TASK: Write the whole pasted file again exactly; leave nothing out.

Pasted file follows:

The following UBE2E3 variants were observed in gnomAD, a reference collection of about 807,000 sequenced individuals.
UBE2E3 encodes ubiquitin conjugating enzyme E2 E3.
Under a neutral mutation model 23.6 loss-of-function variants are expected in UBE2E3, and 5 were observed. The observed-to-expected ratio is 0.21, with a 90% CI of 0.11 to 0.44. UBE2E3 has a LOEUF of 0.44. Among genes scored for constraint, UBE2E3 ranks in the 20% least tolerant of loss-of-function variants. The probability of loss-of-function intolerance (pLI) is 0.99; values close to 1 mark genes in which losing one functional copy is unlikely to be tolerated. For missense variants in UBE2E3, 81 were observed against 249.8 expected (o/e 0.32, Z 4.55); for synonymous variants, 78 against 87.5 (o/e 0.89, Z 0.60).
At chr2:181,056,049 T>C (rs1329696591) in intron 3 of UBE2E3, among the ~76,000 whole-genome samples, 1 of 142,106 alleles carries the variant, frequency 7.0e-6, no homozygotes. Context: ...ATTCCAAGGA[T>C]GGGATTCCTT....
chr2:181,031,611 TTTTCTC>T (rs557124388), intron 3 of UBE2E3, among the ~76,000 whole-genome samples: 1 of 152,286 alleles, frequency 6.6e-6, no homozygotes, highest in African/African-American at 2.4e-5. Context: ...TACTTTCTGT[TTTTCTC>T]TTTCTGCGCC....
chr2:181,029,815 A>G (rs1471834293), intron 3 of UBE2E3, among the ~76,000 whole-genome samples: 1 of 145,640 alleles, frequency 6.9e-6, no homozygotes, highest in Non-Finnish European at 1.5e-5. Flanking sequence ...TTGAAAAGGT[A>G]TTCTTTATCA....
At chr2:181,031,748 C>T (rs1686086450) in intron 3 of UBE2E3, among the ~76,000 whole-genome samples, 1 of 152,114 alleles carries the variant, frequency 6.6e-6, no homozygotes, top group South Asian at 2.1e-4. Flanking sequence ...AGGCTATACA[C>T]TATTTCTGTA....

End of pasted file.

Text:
The following UBE2E3 variants were observed in gnomAD, a reference collection of about 807,000 sequenced individuals.
UBE2E3 encodes ubiquitin conjugating enzyme E2 E3.
Under a neutral mutation model 23.6 loss-of-function variants are expected in UBE2E3, and 5 were observed. The observed-to-expected ratio is 0.21, with a 90% CI of 0.11 to 0.44. UBE2E3 has a LOEUF of 0.44. Among genes scored for constraint, UBE2E3 ranks in the 20% least tolerant of loss-of-function variants. The probability of loss-of-function intolerance (pLI) is 0.99; values close to 1 mark genes in which losing one functional copy is unlikely to be tolerated. For missense variants in UBE2E3, 81 were observed against 249.8 expected (o/e 0.32, Z 4.55); for synonymous variants, 78 against 87.5 (o/e 0.89, Z 0.60).
At chr2:181,056,049 T>C (rs1329696591) in intron 3 of UBE2E3, among the ~76,000 whole-genome samples, 1 of 142,106 alleles carries the variant, frequency 7.0e-6, no homozygotes. Context: ...ATTCCAAGGA[T>C]GGGATTCCTT....
chr2:181,031,611 TTTTCTC>T (rs557124388), intron 3 of UBE2E3, among the ~76,000 whole-genome samples: 1 of 152,286 alleles, frequency 6.6e-6, no homozygotes, highest in African/African-American at 2.4e-5. Context: ...TACTTTCTGT[TTTTCTC>T]TTTCTGCGCC....
chr2:181,029,815 A>G (rs1471834293), intron 3 of UBE2E3, among the ~76,000 whole-genome samples: 1 of 145,640 alleles, frequency 6.9e-6, no homozygotes, highest in Non-Finnish European at 1.5e-5. Flanking sequence ...TTGAAAAGGT[A>G]TTCTTTATCA....
At chr2:181,031,748 C>T (rs1686086450) in intron 3 of UBE2E3, among the ~76,000 whole-genome samples, 1 of 152,114 alleles carries the variant, frequency 6.6e-6, no homozygotes, top group South Asian at 2.1e-4. Flanking sequence ...AGGCTATACA[C>T]TATTTCTGTA....